I guess it may well be pulled (intuitively) in two directions, by 5:4 at the top end and 6:5 (or even 7:6) at the bottom end, but the distinctive thing about the "blue 3rd" is its very mobility. You certainly don't hear blues singers singing any of those pitches dead on and holding them, for long enough to be sure exactly what pitch they're thinking of.
The 7th partial theory is appealing in some ways (certainly regarding the blue 7th at least), but it's hard to see how we could get evidence for it from actual blues performances, where singers never seem to settle long enough on any note (other than chord tones) for them to be actually measurable.
This is one problem with the western scientific approach to music and scales. We seem to want to identify specific frequencies or specific ratios; to pin down some fixed pitches. Obviously if we want to make connections to the harmonic series, that's essential. But blues is not like that. Singers and players bend their notes around - that much is obvious. We can't measure the frequencies they're producing when they never stay still long enough; but more to the point, why should we want to, when it's the movement that is clearly the point?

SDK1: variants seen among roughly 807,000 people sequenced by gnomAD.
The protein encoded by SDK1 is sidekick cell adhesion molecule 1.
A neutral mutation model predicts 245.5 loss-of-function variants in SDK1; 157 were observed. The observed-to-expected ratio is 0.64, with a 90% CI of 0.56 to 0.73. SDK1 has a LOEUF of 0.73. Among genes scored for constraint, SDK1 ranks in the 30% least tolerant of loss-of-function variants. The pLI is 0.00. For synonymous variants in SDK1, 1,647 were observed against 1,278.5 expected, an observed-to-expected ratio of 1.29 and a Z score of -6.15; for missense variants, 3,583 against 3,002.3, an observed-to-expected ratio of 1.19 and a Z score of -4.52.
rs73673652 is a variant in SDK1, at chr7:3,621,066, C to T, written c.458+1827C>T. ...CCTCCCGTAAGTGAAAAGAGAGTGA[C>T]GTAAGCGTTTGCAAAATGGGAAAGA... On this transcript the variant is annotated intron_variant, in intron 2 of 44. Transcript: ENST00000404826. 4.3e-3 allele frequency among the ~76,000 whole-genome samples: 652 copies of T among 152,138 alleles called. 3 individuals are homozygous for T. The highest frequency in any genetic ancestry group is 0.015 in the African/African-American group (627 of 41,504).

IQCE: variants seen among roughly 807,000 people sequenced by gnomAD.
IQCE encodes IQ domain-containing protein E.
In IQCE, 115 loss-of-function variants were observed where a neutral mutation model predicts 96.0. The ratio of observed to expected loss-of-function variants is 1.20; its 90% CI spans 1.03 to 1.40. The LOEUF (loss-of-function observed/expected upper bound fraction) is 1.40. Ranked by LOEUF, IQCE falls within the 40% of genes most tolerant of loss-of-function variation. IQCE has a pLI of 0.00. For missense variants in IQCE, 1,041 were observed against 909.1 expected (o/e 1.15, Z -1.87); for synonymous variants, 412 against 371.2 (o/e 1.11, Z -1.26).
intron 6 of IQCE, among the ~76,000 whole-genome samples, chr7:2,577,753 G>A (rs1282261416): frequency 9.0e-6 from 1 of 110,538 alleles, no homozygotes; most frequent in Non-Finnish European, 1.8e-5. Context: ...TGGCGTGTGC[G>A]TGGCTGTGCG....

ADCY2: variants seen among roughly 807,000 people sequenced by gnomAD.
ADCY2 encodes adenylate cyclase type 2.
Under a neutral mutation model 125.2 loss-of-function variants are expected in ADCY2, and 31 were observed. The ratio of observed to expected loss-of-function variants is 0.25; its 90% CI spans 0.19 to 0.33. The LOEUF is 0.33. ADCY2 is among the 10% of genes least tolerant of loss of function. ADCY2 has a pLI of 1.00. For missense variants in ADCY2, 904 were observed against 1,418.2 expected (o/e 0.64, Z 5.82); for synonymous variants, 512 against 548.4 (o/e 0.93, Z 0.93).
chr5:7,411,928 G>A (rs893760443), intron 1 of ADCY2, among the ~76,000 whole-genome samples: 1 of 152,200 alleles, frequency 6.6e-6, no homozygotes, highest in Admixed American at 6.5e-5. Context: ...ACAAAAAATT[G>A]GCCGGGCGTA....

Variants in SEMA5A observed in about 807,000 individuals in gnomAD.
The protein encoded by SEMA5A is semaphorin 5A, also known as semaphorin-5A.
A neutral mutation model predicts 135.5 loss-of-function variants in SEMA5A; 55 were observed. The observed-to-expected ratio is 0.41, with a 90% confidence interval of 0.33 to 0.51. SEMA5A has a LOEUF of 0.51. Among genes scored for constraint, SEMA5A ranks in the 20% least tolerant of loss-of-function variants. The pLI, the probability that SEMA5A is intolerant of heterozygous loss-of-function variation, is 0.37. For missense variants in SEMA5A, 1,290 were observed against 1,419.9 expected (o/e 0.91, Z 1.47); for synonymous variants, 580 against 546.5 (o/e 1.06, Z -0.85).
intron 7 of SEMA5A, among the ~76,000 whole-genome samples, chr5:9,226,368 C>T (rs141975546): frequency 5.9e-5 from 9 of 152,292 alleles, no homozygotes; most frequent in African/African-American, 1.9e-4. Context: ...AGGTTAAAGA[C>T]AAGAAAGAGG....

Obviously there are fixed pitches in the immediate environment (chord tones, tuned more or less to ET), and - in the vocals - I wouldn't deny a sense of gravitational pull to tonic and 5th at least; and possibly 4th too. There may also be cases of a blue 7th held long enough to suggest it might be 7:4, and maybe figures can be obtained to show it's nearer that than it is to a tempered m7, or to a just 9:5 or 16:9.
But the blue 3rd - I don't see how that's going to get pinned down to one "ideal" pitch. One might suggest 7:6 and 5:4 as its outer limits (I'd be OK with that), but that hardly explains the fondness for something between 6:5 and 5:4.